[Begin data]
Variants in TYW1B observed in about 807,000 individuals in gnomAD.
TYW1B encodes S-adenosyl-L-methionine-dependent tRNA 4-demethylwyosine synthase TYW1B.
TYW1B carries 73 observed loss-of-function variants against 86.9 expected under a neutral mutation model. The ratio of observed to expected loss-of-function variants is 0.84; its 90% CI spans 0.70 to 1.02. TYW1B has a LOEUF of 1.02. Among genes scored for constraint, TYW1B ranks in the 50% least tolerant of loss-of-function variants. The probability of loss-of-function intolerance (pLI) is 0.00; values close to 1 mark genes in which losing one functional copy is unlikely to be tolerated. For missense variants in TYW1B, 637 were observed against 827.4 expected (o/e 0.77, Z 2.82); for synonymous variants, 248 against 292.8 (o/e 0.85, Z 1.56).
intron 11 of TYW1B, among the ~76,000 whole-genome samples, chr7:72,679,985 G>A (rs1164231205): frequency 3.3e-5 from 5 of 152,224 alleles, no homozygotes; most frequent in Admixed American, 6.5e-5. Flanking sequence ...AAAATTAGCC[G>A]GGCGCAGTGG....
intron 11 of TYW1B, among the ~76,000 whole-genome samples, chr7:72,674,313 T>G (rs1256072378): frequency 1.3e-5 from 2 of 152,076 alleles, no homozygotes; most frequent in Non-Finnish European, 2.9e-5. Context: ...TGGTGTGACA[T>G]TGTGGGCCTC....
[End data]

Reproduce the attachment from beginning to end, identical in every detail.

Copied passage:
Variants in TYW1B observed in about 807,000 individuals in gnomAD.
TYW1B encodes S-adenosyl-L-methionine-dependent tRNA 4-demethylwyosine synthase TYW1B.
TYW1B carries 73 observed loss-of-function variants against 86.9 expected under a neutral mutation model. The ratio of observed to expected loss-of-function variants is 0.84; its 90% CI spans 0.70 to 1.02. TYW1B has a LOEUF of 1.02. Among genes scored for constraint, TYW1B ranks in the 50% least tolerant of loss-of-function variants. The probability of loss-of-function intolerance (pLI) is 0.00; values close to 1 mark genes in which losing one functional copy is unlikely to be tolerated. For missense variants in TYW1B, 637 were observed against 827.4 expected (o/e 0.77, Z 2.82); for synonymous variants, 248 against 292.8 (o/e 0.85, Z 1.56).
intron 11 of TYW1B, among the ~76,000 whole-genome samples, chr7:72,679,985 G>A (rs1164231205): frequency 3.3e-5 from 5 of 152,224 alleles, no homozygotes; most frequent in Admixed American, 6.5e-5. Flanking sequence ...AAAATTAGCC[G>A]GGCGCAGTGG....
intron 11 of TYW1B, among the ~76,000 whole-genome samples, chr7:72,674,313 T>G (rs1256072378): frequency 1.3e-5 from 2 of 152,076 alleles, no homozygotes; most frequent in Non-Finnish European, 2.9e-5. Context: ...TGGTGTGACA[T>G]TGTGGGCCTC....